The Morphing Self: Changing Self-Concept As a Response to Threats

We examine how consumers use possessions to “morph” their self from one identity to a new, redefined identity when faced with a threat. Using mortality salience manipulations to achieve a threat to the self, results demonstrated that when the threat is salient, consumers distance themselves from possessions that were once a central part of self-concept and incorporate possessions that were originally extraneous to the self into the self to create a new identity. Further, results demonstrate that material values play an important role in moderating the effects. Participants high in material values showed a higher propensity in “morphing” their self.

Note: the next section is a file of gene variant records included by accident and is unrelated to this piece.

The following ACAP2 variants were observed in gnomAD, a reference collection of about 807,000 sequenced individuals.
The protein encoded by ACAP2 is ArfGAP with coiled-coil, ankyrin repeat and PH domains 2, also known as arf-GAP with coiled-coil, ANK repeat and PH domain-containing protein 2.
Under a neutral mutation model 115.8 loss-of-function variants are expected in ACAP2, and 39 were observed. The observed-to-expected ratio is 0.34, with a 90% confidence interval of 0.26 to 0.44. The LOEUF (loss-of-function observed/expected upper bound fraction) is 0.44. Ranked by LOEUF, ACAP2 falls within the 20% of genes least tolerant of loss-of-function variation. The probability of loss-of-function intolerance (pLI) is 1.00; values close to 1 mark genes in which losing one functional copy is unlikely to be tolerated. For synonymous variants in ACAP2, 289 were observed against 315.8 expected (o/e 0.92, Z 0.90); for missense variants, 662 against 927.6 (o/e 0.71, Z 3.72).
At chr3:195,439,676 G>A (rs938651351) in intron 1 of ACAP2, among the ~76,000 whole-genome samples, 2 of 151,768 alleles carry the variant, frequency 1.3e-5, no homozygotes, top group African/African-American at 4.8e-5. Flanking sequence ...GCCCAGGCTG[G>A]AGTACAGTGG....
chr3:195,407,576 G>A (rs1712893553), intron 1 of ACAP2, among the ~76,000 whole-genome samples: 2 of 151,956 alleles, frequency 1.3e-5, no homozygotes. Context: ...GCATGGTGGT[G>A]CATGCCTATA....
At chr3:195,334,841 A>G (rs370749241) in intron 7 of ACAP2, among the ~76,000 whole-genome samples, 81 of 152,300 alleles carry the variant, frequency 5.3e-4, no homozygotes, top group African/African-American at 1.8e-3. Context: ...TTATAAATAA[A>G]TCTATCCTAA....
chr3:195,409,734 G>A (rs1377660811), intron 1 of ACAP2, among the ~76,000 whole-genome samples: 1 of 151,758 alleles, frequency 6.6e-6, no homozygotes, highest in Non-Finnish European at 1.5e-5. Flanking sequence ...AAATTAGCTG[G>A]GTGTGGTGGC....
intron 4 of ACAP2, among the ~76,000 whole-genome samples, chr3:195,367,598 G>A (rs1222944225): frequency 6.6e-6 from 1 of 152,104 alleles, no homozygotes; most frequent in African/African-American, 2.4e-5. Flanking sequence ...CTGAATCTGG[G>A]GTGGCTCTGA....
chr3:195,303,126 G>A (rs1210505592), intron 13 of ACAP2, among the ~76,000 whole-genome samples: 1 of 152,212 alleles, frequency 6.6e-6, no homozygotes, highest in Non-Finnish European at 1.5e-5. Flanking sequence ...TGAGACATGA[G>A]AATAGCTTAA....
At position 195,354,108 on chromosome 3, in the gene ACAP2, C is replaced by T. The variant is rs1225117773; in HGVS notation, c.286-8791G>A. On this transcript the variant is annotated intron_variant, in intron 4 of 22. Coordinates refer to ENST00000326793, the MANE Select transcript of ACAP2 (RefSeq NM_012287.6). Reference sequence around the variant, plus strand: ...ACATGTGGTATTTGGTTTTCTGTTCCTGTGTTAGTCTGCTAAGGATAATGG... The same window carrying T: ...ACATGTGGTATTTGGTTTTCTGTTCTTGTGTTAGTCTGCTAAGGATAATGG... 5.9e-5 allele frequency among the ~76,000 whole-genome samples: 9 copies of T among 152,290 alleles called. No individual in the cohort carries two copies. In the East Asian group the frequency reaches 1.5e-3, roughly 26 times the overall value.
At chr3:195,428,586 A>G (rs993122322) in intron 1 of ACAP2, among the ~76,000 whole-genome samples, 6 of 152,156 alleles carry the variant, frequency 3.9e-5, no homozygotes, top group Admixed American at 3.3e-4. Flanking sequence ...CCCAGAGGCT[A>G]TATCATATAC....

Citation:

Christian Schmid and Jennifer Argo (2010) ,"The Morphing Self: Changing Self-Concept As a Response to Threats", in NA - Advances in Consumer Research Volume 37, eds. Margaret C. Campbell, Jeff Inman, and Rik Pieters, Duluth, MN : Association for Consumer Research, Pages: 254-258 .

Authors

Christian Schmid, University of Alberta, Canada
Jennifer Argo, University of Alberta, Canada



Volume

NA - Advances in Consumer Research Volume 37 | 2010



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